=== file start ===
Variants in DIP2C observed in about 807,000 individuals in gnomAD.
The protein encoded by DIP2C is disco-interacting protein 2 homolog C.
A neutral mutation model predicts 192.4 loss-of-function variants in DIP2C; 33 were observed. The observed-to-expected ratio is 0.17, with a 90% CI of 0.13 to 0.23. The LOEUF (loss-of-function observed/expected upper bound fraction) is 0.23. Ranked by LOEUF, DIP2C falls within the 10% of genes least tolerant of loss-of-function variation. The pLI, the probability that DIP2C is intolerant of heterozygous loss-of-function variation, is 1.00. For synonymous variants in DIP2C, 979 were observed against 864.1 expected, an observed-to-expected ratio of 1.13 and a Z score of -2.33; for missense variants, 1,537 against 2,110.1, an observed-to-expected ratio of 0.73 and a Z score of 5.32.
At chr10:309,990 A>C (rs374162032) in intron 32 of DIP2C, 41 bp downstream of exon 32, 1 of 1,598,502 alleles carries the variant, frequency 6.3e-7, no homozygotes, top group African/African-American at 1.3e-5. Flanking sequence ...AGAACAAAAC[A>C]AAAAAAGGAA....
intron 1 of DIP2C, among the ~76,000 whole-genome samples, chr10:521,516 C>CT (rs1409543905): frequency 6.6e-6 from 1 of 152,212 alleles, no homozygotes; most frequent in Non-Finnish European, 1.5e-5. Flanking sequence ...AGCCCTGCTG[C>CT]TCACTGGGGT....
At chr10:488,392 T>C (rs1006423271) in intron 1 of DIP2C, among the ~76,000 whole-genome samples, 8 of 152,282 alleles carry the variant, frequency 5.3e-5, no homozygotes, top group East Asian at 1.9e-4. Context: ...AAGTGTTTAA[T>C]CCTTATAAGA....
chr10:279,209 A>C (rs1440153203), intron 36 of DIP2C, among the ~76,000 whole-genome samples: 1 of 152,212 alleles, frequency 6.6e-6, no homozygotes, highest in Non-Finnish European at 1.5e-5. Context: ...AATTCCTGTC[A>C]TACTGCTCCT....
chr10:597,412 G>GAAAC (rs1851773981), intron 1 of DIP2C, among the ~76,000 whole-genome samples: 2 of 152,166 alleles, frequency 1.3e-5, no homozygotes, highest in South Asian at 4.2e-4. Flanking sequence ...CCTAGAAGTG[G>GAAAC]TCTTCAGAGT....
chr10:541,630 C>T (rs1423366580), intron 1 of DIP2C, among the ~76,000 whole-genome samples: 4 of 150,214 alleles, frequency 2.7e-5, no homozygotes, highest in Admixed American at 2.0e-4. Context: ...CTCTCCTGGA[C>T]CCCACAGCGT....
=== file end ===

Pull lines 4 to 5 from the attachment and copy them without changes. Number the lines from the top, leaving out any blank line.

At chr10:309,990 A>C (rs374162032) in intron 32 of DIP2C, 41 bp downstream of exon 32, 1 of 1,598,502 alleles carries the variant, frequency 6.3e-7, no homozygotes, top group African/African-American at 1.3e-5. Flanking sequence ...AGAACAAAAC[A>C]AAAAAAGGAA....
intron 1 of DIP2C, among the ~76,000 whole-genome samples, chr10:521,516 C>CT (rs1409543905): frequency 6.6e-6 from 1 of 152,212 alleles, no homozygotes; most frequent in Non-Finnish European, 1.5e-5. Flanking sequence ...AGCCCTGCTG[C>CT]TCACTGGGGT....